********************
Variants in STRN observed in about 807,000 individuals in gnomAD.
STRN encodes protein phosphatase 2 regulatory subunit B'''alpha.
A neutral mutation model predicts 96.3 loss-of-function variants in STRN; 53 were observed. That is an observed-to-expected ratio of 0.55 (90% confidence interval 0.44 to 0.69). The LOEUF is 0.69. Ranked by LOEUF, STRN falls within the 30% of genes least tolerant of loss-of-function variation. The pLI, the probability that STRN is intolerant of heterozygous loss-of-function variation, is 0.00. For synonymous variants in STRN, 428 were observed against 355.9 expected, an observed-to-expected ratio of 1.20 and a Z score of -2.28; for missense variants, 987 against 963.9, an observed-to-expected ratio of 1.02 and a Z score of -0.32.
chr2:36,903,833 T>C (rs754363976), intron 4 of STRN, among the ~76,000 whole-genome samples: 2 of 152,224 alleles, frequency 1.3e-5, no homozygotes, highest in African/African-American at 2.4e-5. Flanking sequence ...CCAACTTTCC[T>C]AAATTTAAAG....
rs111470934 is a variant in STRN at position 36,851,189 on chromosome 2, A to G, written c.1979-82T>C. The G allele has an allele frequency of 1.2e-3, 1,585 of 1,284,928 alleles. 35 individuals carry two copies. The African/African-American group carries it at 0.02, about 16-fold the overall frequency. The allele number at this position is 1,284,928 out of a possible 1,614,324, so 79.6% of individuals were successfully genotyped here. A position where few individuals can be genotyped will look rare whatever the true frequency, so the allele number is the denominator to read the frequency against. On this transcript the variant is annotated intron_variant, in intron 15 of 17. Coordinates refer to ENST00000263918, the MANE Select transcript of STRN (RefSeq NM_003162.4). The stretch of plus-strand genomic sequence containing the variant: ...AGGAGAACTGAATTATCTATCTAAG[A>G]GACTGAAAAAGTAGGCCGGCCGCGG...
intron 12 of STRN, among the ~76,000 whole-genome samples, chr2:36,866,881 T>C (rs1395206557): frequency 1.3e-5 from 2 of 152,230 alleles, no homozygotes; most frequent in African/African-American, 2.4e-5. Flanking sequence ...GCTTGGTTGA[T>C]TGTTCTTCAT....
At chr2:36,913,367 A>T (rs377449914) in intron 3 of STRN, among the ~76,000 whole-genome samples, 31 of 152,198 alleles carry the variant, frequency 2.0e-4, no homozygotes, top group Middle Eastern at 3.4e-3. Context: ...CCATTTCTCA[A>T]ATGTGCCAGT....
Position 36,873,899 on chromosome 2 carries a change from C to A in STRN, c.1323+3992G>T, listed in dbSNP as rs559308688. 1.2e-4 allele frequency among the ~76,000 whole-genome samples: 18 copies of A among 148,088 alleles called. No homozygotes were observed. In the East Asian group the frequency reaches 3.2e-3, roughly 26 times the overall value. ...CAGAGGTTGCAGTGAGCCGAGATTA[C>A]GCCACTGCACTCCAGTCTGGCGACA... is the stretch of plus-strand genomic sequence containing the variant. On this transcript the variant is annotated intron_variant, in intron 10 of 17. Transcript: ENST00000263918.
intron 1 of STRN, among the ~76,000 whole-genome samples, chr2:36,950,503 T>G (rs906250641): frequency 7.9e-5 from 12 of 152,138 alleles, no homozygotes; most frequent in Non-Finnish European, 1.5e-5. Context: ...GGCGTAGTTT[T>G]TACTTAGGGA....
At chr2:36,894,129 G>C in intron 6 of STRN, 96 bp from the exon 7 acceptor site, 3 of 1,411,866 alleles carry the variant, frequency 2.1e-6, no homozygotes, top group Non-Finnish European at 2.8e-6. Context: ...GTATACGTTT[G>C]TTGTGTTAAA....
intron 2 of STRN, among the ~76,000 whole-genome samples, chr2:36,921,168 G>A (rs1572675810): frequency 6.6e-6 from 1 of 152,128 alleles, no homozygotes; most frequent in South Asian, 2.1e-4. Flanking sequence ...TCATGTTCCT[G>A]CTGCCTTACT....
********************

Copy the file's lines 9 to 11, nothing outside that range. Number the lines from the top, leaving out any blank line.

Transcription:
intron 1 of STRN, among the ~76,000 whole-genome samples, chr2:36,950,503 T>G (rs906250641): frequency 7.9e-5 from 12 of 152,138 alleles, no homozygotes; most frequent in Non-Finnish European, 1.5e-5. Context: ...GGCGTAGTTT[T>G]TACTTAGGGA....
At chr2:36,894,129 G>C in intron 6 of STRN, 96 bp from the exon 7 acceptor site, 3 of 1,411,866 alleles carry the variant, frequency 2.1e-6, no homozygotes, top group Non-Finnish European at 2.8e-6. Context: ...GTATACGTTT[G>C]TTGTGTTAAA....
intron 2 of STRN, among the ~76,000 whole-genome samples, chr2:36,921,168 G>A (rs1572675810): frequency 6.6e-6 from 1 of 152,128 alleles, no homozygotes; most frequent in South Asian, 2.1e-4. Flanking sequence ...TCATGTTCCT[G>A]CTGCCTTACT....